Thursday, 29 March 2012


Time marches on and the day of departure looms closer. Inevitably, doubts also arise and seem logical to consider. Anybody else who was single & healthy, with some savings and a well-paid job might consider putting a deposit down on a flat and setting some money aside for a shiny hatchback and gym membership. Isn’t that the normal thing to do?

Comfort, clean living, security, the promise of a tidy pension fund – why don’t I want that? What the hell’s wrong with me? Why on earth is an intelligent man in his mid-forties deciding to abandon all that and instead go cycling around the dirt tracks of the world with a tent?

Lots of questions, all difficult to answer. Except that I know deep down in the core of my being that none of it would make me happy, it wouldn’t allow me to lie down on my deathbed and think to myself ‘what a great life that was’. I’ve been happy, I’ve had beautiful children and I wouldn’t change the past, but the future is in a different part of me. I’ve spied the other side of the valley and the hardship and sacrifices don’t feel important enough not to try for it.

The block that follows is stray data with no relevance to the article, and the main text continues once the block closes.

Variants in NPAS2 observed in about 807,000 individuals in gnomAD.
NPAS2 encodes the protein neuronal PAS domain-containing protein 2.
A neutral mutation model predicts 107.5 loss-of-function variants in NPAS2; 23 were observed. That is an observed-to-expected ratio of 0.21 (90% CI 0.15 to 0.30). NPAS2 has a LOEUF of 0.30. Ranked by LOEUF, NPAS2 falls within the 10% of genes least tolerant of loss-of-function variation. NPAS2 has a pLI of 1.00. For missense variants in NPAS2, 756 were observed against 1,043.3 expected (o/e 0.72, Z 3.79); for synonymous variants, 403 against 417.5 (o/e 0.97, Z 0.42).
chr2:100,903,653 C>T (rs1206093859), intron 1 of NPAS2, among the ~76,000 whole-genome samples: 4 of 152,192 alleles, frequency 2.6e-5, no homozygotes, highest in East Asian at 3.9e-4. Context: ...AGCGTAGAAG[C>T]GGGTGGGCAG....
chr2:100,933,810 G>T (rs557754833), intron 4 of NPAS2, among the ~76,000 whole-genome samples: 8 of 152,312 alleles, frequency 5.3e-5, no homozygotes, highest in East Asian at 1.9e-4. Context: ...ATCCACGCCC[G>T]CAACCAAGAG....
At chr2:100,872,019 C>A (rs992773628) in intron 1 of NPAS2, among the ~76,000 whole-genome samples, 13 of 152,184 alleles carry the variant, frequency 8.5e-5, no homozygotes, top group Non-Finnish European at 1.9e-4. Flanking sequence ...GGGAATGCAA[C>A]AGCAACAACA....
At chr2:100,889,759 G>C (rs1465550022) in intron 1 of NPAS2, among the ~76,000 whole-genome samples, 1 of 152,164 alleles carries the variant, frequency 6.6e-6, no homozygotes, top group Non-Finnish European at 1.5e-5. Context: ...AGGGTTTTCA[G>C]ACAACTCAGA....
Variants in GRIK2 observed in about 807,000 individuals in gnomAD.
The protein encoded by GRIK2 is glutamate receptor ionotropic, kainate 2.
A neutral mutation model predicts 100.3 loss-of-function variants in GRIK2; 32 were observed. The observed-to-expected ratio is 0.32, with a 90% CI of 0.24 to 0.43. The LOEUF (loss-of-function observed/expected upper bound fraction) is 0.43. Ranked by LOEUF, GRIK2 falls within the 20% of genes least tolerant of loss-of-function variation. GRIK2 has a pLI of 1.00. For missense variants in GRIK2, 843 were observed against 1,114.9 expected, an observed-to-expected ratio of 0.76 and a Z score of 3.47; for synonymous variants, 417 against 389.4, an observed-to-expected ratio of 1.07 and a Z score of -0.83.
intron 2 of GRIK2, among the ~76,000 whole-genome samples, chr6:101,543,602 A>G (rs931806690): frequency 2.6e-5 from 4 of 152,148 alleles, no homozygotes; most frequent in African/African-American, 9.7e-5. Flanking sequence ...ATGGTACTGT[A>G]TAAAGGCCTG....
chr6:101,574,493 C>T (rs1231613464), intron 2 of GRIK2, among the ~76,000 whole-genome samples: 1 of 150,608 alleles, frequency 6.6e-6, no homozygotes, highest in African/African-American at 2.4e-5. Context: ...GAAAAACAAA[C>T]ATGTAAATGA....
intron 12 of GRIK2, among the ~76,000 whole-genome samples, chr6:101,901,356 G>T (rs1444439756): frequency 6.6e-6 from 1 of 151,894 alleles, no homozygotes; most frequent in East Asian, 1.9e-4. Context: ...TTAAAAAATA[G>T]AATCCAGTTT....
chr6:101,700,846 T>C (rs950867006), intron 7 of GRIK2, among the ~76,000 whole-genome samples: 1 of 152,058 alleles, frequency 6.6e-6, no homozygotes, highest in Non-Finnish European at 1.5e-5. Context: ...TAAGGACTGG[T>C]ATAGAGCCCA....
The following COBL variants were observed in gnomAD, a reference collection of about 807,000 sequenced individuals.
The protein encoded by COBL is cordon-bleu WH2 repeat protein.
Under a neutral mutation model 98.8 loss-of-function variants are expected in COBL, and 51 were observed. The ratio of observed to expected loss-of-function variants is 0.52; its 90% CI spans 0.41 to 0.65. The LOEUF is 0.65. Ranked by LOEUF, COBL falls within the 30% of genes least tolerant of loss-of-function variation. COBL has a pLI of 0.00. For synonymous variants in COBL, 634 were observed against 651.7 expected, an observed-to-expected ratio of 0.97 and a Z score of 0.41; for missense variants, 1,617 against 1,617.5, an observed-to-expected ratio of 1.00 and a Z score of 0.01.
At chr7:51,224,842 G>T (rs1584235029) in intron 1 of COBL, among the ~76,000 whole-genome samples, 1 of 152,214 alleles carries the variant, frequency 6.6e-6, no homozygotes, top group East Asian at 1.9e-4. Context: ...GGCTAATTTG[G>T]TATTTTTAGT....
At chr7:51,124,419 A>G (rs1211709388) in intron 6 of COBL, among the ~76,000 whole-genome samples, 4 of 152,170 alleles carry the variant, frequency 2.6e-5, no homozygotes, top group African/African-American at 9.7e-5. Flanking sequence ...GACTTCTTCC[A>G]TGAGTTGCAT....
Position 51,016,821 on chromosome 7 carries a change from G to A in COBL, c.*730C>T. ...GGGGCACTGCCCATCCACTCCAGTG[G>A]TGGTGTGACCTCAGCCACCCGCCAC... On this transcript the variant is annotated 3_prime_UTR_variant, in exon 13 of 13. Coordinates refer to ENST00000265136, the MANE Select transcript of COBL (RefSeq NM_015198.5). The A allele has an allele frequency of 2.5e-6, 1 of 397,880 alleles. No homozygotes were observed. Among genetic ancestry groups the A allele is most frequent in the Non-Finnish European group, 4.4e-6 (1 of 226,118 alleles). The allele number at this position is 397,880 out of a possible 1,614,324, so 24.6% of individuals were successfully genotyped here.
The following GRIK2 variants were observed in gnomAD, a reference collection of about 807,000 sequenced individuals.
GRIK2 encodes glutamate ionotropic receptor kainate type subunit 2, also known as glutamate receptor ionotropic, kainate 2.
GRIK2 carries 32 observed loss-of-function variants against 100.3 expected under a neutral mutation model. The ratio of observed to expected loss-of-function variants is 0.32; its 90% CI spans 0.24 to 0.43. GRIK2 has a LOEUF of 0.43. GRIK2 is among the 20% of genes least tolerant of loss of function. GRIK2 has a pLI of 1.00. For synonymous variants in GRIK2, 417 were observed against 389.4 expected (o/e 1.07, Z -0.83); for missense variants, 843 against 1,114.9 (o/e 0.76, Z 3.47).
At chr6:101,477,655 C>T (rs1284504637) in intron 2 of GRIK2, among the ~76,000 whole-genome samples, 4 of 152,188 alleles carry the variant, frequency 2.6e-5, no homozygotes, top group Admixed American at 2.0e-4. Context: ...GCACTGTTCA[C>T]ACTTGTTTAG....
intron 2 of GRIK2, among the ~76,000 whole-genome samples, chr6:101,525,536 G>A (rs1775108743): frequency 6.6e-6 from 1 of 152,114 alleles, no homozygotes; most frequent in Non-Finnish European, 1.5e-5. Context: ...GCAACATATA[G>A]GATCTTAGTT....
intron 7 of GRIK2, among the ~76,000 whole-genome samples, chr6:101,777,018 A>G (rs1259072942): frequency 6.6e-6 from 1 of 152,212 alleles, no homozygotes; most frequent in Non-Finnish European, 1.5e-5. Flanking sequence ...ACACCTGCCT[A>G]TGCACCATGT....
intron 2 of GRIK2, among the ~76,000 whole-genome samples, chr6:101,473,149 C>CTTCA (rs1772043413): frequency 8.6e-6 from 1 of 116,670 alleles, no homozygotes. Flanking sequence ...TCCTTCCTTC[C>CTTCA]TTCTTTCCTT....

1. Good On'Ya as they say here in Oz! Can't wait to hear what you get up to, an amazing journey!! :) Una

  2. Good luck, good luck! If you hate it you can always come home - it's not the end of the world.
    I suspect, however, that you will enjoy it a lot!

  3. Whatever doesn't kill us only makes us more interesting -- or so we may hope -- and we owe it to our friends to be interesting, so that they, who stayed home building a comfortable and boring retirement fund, may participate vicariously in our adventures and picture themselves paddling the headwaters and being hissed at by snakes.

    I have now reached that pleasant point in life where, when I visit my grandson, I can pull out of a packing crate a skull or blowgun or dried piranha or some other wonder to tweak his imagination and keep him aloof from the video-addled culture that surrounds him.